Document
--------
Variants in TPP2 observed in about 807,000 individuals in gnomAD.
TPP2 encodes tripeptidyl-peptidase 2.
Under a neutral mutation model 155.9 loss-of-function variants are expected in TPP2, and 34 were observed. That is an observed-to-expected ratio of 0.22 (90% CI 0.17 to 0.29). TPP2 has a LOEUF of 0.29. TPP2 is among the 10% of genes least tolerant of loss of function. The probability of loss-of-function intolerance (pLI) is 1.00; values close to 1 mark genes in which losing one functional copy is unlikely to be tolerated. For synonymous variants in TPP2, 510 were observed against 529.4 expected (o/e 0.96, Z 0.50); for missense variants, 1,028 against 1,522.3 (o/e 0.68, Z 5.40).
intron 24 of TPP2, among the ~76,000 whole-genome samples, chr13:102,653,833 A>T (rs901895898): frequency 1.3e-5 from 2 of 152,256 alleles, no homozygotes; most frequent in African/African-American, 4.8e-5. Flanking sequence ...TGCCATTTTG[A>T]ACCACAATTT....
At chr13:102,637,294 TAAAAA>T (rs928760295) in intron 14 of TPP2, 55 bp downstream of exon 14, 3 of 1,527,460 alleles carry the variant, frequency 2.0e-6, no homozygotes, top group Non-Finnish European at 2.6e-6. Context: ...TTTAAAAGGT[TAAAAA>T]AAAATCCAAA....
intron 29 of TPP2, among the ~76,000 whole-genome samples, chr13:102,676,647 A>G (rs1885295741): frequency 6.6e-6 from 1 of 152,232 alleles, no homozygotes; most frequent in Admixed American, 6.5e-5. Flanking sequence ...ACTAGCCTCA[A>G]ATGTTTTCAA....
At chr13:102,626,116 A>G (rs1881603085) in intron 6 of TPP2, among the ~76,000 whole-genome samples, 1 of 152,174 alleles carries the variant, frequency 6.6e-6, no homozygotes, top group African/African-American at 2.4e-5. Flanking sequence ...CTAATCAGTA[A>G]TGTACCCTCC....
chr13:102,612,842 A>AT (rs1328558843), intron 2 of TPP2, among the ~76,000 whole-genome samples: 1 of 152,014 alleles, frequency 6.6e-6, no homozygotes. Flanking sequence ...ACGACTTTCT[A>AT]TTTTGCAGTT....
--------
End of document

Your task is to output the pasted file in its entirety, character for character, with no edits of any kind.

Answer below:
Variants in TPP2 observed in about 807,000 individuals in gnomAD.
TPP2 encodes tripeptidyl-peptidase 2.
Under a neutral mutation model 155.9 loss-of-function variants are expected in TPP2, and 34 were observed. That is an observed-to-expected ratio of 0.22 (90% CI 0.17 to 0.29). TPP2 has a LOEUF of 0.29. TPP2 is among the 10% of genes least tolerant of loss of function. The probability of loss-of-function intolerance (pLI) is 1.00; values close to 1 mark genes in which losing one functional copy is unlikely to be tolerated. For synonymous variants in TPP2, 510 were observed against 529.4 expected (o/e 0.96, Z 0.50); for missense variants, 1,028 against 1,522.3 (o/e 0.68, Z 5.40).
intron 24 of TPP2, among the ~76,000 whole-genome samples, chr13:102,653,833 A>T (rs901895898): frequency 1.3e-5 from 2 of 152,256 alleles, no homozygotes; most frequent in African/African-American, 4.8e-5. Flanking sequence ...TGCCATTTTG[A>T]ACCACAATTT....
At chr13:102,637,294 TAAAAA>T (rs928760295) in intron 14 of TPP2, 55 bp downstream of exon 14, 3 of 1,527,460 alleles carry the variant, frequency 2.0e-6, no homozygotes, top group Non-Finnish European at 2.6e-6. Context: ...TTTAAAAGGT[TAAAAA>T]AAAATCCAAA....
intron 29 of TPP2, among the ~76,000 whole-genome samples, chr13:102,676,647 A>G (rs1885295741): frequency 6.6e-6 from 1 of 152,232 alleles, no homozygotes; most frequent in Admixed American, 6.5e-5. Flanking sequence ...ACTAGCCTCA[A>G]ATGTTTTCAA....
At chr13:102,626,116 A>G (rs1881603085) in intron 6 of TPP2, among the ~76,000 whole-genome samples, 1 of 152,174 alleles carries the variant, frequency 6.6e-6, no homozygotes, top group African/African-American at 2.4e-5. Flanking sequence ...CTAATCAGTA[A>G]TGTACCCTCC....
chr13:102,612,842 A>AT (rs1328558843), intron 2 of TPP2, among the ~76,000 whole-genome samples: 1 of 152,014 alleles, frequency 6.6e-6, no homozygotes. Flanking sequence ...ACGACTTTCT[A>AT]TTTTGCAGTT....